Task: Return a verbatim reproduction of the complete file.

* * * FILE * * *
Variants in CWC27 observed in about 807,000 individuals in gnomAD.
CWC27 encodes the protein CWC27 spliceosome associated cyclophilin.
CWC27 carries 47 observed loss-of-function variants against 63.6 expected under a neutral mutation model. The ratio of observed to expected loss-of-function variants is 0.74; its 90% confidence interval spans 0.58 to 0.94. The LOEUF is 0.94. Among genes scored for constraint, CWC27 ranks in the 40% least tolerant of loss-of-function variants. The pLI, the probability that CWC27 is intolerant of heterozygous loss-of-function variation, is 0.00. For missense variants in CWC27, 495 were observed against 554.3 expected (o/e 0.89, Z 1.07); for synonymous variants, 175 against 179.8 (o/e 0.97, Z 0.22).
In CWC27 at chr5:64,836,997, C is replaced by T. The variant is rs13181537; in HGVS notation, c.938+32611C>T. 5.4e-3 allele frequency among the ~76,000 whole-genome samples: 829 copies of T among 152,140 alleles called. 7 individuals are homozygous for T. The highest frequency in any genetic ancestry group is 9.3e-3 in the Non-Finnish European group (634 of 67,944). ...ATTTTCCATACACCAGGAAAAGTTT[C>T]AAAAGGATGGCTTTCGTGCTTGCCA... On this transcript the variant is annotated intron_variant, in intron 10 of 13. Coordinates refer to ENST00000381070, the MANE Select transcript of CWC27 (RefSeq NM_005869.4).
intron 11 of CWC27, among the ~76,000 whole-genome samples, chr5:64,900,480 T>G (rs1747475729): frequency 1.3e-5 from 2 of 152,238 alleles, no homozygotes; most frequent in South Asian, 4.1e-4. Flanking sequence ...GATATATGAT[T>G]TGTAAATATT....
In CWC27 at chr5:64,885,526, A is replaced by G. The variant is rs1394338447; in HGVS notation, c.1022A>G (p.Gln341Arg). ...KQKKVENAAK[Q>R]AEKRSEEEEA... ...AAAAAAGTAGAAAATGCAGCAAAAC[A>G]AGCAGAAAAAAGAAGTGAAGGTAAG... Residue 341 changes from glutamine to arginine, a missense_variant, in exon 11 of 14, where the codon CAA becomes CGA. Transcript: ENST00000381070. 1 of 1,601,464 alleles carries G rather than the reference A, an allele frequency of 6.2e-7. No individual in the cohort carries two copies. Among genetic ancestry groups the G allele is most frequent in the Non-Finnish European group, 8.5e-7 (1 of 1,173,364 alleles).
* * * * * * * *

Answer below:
Variants in CWC27 observed in about 807,000 individuals in gnomAD.
CWC27 encodes the protein CWC27 spliceosome associated cyclophilin.
CWC27 carries 47 observed loss-of-function variants against 63.6 expected under a neutral mutation model. The ratio of observed to expected loss-of-function variants is 0.74; its 90% confidence interval spans 0.58 to 0.94. The LOEUF is 0.94. Among genes scored for constraint, CWC27 ranks in the 40% least tolerant of loss-of-function variants. The pLI, the probability that CWC27 is intolerant of heterozygous loss-of-function variation, is 0.00. For missense variants in CWC27, 495 were observed against 554.3 expected (o/e 0.89, Z 1.07); for synonymous variants, 175 against 179.8 (o/e 0.97, Z 0.22).
In CWC27 at chr5:64,836,997, C is replaced by T. The variant is rs13181537; in HGVS notation, c.938+32611C>T. 5.4e-3 allele frequency among the ~76,000 whole-genome samples: 829 copies of T among 152,140 alleles called. 7 individuals are homozygous for T. The highest frequency in any genetic ancestry group is 9.3e-3 in the Non-Finnish European group (634 of 67,944). ...ATTTTCCATACACCAGGAAAAGTTT[C>T]AAAAGGATGGCTTTCGTGCTTGCCA... On this transcript the variant is annotated intron_variant, in intron 10 of 13. Coordinates refer to ENST00000381070, the MANE Select transcript of CWC27 (RefSeq NM_005869.4).
intron 11 of CWC27, among the ~76,000 whole-genome samples, chr5:64,900,480 T>G (rs1747475729): frequency 1.3e-5 from 2 of 152,238 alleles, no homozygotes; most frequent in South Asian, 4.1e-4. Flanking sequence ...GATATATGAT[T>G]TGTAAATATT....
In CWC27 at chr5:64,885,526, A is replaced by G. The variant is rs1394338447; in HGVS notation, c.1022A>G (p.Gln341Arg). ...KQKKVENAAK[Q>R]AEKRSEEEEA... ...AAAAAAGTAGAAAATGCAGCAAAAC[A>G]AGCAGAAAAAAGAAGTGAAGGTAAG... Residue 341 changes from glutamine to arginine, a missense_variant, in exon 11 of 14, where the codon CAA becomes CGA. Transcript: ENST00000381070. 1 of 1,601,464 alleles carries G rather than the reference A, an allele frequency of 6.2e-7. No individual in the cohort carries two copies. Among genetic ancestry groups the G allele is most frequent in the Non-Finnish European group, 8.5e-7 (1 of 1,173,364 alleles).